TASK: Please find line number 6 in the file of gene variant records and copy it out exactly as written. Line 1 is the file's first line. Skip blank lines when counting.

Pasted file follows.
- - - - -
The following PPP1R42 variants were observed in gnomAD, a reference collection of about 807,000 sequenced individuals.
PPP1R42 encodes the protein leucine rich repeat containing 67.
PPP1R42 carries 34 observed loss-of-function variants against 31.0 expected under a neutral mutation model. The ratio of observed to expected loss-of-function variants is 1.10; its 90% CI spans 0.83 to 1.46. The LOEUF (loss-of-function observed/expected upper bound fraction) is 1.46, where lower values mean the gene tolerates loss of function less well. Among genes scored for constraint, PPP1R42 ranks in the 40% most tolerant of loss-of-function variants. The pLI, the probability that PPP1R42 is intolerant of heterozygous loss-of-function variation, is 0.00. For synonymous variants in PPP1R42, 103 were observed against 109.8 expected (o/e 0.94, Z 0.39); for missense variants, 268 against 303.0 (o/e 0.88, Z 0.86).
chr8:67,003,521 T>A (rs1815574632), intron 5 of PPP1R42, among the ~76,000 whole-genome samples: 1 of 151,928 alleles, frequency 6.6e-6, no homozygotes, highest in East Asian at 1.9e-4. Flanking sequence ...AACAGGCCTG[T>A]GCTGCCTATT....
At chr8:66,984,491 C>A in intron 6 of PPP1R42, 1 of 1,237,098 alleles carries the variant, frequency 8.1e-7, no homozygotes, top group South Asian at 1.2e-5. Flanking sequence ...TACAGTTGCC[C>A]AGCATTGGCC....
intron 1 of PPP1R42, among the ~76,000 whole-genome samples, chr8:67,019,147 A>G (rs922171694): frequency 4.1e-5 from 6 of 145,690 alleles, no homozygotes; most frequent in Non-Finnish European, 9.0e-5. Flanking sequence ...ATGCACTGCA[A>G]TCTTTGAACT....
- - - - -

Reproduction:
intron 1 of PPP1R42, among the ~76,000 whole-genome samples, chr8:67,019,147 A>G (rs922171694): frequency 4.1e-5 from 6 of 145,690 alleles, no homozygotes; most frequent in Non-Finnish European, 9.0e-5. Flanking sequence ...ATGCACTGCA[A>G]TCTTTGAACT....